I’ll start off with the primary focus of the game: Combat. The basics are just that, but the tactics can get advanced. Units are moved via a right-click system, with an automated Cover-system included. All you have to do is click on an object that can be used as cover and your units automatically set themselves in the best position to cover from enemy fire. You’ll use a combination of abilities (which take the form of things such as frag or stun grenades and drones) and regular weapon fire. Sometimes you can get creative with the environment, too. It’s a simple system that allows for a lot of fun, which I appreciate.
Although the combat is real-time, there is a thing called “Tactical Time.” As the name implies, it’s something that gives you a bit more time to assess your tactics. In short, it slows down time. It’s somewhat similar to something like V.A.T.S. in Fallout. When activated, it consumes a finite energy source that regenerates whenever you’re not using Tactical Time. Early on, you won’t be using it too often. But as you get access to more difficult missions, you’ll find yourself relying on it more and more. I really liked the system.
This is the 'overworld' of the game, where you select your missions and can view your standings with the various corporations.
One of my favorite things about the game is the setting. You’re in Neotopia, the last city on the planet. And what a city it is. It’s massive and controlled by mega-corporations that have sliced it up into corporation-controlled territories. Surrounding the corporation-controlled portions of the city are the Slums, and outside of that are the Badlands. When you’re first making a name for your Merc Company, you’ll find yourself working in the Slums a lot, and the rewards will be fairly shallow. As you advance, you’ll find yourself hired out to the various corporations – allowing you to raise your reputation with them, or inadvertently lowering your reputation with some – within the city itself.
The missions themselves are fairly basic, usually. You make your way through a map that is designed in the typical ‘Dungeon Crawler’ style, made up of ‘rooms’ and ‘hallways’ between said rooms. Of course, you’re in Neotopia, so the ‘rooms’ are actually open courtyards and the ‘hallways’ are actually allies, bridges, and the like. Each mission has an end objective, and you’ll have to clear each portion of the map to get to the next. Sometimes you’ll find loot boxes that give some useful rewards – usually credits or Squad heals – along the way. I really liked the missions in the game because they felt nostalgic and brought back fond memories of similar games I’ve played over the years.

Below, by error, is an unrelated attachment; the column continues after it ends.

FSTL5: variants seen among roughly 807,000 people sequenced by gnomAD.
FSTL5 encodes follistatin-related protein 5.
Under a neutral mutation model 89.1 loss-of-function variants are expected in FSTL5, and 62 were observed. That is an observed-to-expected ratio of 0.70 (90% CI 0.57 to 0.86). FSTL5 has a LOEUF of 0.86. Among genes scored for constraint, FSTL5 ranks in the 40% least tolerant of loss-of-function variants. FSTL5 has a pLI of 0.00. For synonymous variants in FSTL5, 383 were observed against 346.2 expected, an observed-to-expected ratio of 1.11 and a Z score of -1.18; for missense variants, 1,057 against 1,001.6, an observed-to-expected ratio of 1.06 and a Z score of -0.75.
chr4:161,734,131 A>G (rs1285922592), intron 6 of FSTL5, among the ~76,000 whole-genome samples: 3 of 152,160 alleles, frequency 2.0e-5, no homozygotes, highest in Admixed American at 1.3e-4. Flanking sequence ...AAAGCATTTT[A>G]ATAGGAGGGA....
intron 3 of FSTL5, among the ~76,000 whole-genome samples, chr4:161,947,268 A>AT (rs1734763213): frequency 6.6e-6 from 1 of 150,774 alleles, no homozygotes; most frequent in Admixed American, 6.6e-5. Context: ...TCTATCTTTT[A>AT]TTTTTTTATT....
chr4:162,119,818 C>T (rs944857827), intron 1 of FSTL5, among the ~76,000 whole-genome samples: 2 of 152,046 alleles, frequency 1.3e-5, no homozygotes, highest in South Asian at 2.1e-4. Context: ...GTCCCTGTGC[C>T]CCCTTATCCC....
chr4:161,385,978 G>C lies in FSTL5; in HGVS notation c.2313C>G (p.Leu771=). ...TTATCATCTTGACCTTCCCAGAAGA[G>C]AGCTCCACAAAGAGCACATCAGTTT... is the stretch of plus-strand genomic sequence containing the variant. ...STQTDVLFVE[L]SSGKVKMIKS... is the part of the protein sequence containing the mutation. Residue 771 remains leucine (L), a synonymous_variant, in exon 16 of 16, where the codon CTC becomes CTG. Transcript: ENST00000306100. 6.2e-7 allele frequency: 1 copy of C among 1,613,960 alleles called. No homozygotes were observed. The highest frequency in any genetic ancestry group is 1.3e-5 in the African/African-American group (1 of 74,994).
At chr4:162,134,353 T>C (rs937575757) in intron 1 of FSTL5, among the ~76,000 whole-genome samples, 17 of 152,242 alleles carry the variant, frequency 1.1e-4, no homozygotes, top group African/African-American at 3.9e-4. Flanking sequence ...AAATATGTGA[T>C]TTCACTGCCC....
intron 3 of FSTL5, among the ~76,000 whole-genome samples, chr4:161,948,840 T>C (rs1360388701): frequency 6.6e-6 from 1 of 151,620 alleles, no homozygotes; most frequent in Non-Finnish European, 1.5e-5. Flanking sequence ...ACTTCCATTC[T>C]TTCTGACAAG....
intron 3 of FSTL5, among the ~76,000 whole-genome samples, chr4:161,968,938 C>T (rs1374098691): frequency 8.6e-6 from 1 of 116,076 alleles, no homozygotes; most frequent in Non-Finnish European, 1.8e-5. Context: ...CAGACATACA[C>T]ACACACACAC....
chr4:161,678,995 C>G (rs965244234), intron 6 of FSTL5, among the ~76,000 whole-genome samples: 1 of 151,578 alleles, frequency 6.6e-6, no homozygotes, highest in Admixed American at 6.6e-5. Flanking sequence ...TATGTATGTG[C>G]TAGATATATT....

Missions also provide you with funds in the form of credits. You’ll need credits to pay your employees, maintain your transports, and cover various other fees. As the campaign advances (by pressing the ‘Advance Day’ button on the bottom right-hand of the Overworld map), you’ll find that you’ll have various expenses to pay-out on a weekly basis. On top of that, you’ll need to pay for new equipment for your units to keep them competitive. All of your finances are handled by Titan Bank, who can also provide you with loans to help increase your funds if you need to make some big purchases or need a bit of help with your bills. However, I suggest trying to avoid this as Titan Bank is a bunch of blood suckers that will only give you high-interest, short term loans that can be a hassle to pay off if you’re not careful.
M.E.R.C. is a fantastic game. No doubt it is the best single-player experience I’ve had in some months and it’s still only in Early Access. The only real downside (or maybe it’s an upside, considering how most Free-to-Play games go with their cashshops?) is that it has a price tag. Seeing how TinyMob Games’ only other game is a Free-to-Play mobile game, however, I imagine that at release we may see that the game loses its twenty dollar price tag and is made free. Either way, I say that M.E.R.C. is worth your money and you should pick it up if you enjoyed Xcom and real-time squad-focus strategy games. So far it has a “Positive” rating on Steam, and it has been receiving multiple updates each month from the developers. I feel most people would struggle to not be happy with their purchase.
Features: 3/5 – Nothing mind-blowing, but certainly nice.
Customization: 4/5 – More than I expected from the type of game this is.
Graphics: 3/5 – I enjoyed them, but I felt I should have gotten a bit more.
Controls: 4/5 – Nothing negative in my experience, but nothing impressed me either.
Community: 2/5 – This isn’t a game that you play for the community.
Overall: 4/5 – Definitely worth the money and offers hours of fun!
MERC Early Access Gallery